Real Life. Real News. Real Voices.
Help us tell more of the stories that matter from voices that too often remain unheard.
Join HuffPost Plus

Photographing The Wild Beauty Of Costa Rica

Costa Rica is about the size of West Virginia, yet it has some of the most varied landscapes and wildlife on earth.
This post was published on the now-closed HuffPost Contributor platform. Contributors control their own work and posted freely to our site. If you need to flag this entry as abusive, send us an email.

Costa Rica is about the size of West Virginia, yet it has some of the most varied landscapes and wildlife on earth. From the Jesus Christ lizard with its ability to run on water, to the howler monkeys hanging about in trees, to the technicolor toucans, quetzals and caracara birds, to the bizarre two-toed sloth sleeping comfortably in the crooks of trees, to the eyelash viper, a bright yellow poisonous snake hiding mainly in the banana fields, Costa Rica is a wondrous sight for any photographers eyes.

We saw all these wonderful creatures and many more on our trip to Costa Rica over the new year. We didn't anticipate spending New Years Eve fondling bats, but that's just what we did -- it's not as gruesome as it sounds. Costa Rica has identified at least 110 different bat species, probably a greater variety of bats for its size than any other nation in the world. One species, the fruit-eating bat, is found only in the mountains of Costa Rica and small areas of Panama and Colombia. Since we were staying at an eco-tourism resort for the first part of the trip, one of the activities was banding fruit bats and sending them off into the rain forest at midnight to feed and provide data. Garbed with thick gloves, I bravely volunteered to send one tiny fierce looking fruit bat with sharp claws on its way, hopefully, to save the bat population.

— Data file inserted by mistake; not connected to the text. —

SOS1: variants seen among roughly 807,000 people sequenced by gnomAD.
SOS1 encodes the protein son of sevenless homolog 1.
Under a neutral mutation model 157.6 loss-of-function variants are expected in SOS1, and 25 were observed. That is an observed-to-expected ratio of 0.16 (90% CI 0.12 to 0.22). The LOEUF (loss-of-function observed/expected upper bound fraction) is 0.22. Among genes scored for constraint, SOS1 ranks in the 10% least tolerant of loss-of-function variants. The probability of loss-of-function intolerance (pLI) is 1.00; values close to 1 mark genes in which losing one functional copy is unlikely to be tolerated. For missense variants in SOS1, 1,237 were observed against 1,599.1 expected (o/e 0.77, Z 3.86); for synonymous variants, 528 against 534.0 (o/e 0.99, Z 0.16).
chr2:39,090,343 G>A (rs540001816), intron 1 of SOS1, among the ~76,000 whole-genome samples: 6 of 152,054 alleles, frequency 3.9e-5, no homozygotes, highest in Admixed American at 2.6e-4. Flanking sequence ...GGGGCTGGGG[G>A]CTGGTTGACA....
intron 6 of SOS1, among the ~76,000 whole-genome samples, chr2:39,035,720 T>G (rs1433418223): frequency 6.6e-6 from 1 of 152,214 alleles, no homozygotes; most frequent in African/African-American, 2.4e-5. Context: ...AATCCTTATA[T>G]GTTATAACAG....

A highlight of the trip was a visit to the organic farm of Don Juan Bautista, an enthusiastic, friendly retired school principal who had a dream of running an organic farm. After he retired, his dream came true when he was able to buy a piece of land. Together with his wife and son, they tilled the soil, planted many crops and created a beautiful organic farm using only sustainable agriculture techniques. We had a chance to harvest some of the produce and were invited to stay for lunch. Senora Bautista used the vegetables that we harvested to prepare our lunch of salad, rice and beans, various chicken and beef dish and mashed yucca. Everything was delicious. The chicken and beef were the only items served that were not from the farm.


Many of the hotels we stayed in were designed to blend into the the landscape. The round huts with traditional thatched roofs of palm leaves and branches, were made with local materials. To attract local birds, long trough-like feeders are located beside the open air breakfast area and are stocked with bananas, papaya and watermelon to attract blue/gray and scarlet tanagers, clay colored robins, brightly colored toucans and parakeets.


One of our more interesting rooms in the rainforest was a room with a see-through shower. Not only were the views spectacular, but the entire bathroom was constructed with one way glass. It was a very strange feeling indeed to be showering and seeing people walk by your window.

Walking through the rainforest reminded me of the movie "Jurassic Park." The trees and vegetation were huge, lush and prehistoric looking. Six-foot-tall leafed philodendrons, gigantic palm trees and strangler fig trees populated the rainforest; the bright red passion flowers added a wonderful contrast.

The psychedelic colors of the wildlife in Costa Rica were so dazzling that it was easy to become almost blase about spotting a mere sloth or shiny red frog. We saw animals and birds from every color of the spectrum. We saw three-foot-long luminous orange iguanas with spiky spines along their backs, bright blue morpho butterflies with their wings edged in black, a white-faced capuchin monkey and the rarely sighted albino howler monkey.




We also learned the Costa Rican catch phrase pura vida, meaning pure life, but really its a way of life. Costa Ricans say pura vida to mean "hello," "things are great" or whatever else you like. It's one of the many charming things about this small country that is full of mystifying contrasts and some of the most beautiful and extraordinary scenery I've seen.


It was a wonderful and exciting trip filled with activities and fabulous sights. A trip to Costa Rica is a reasonably priced vacation. For more information about this Overseas Adventure Travel trip click on or call 1-800-873-5628.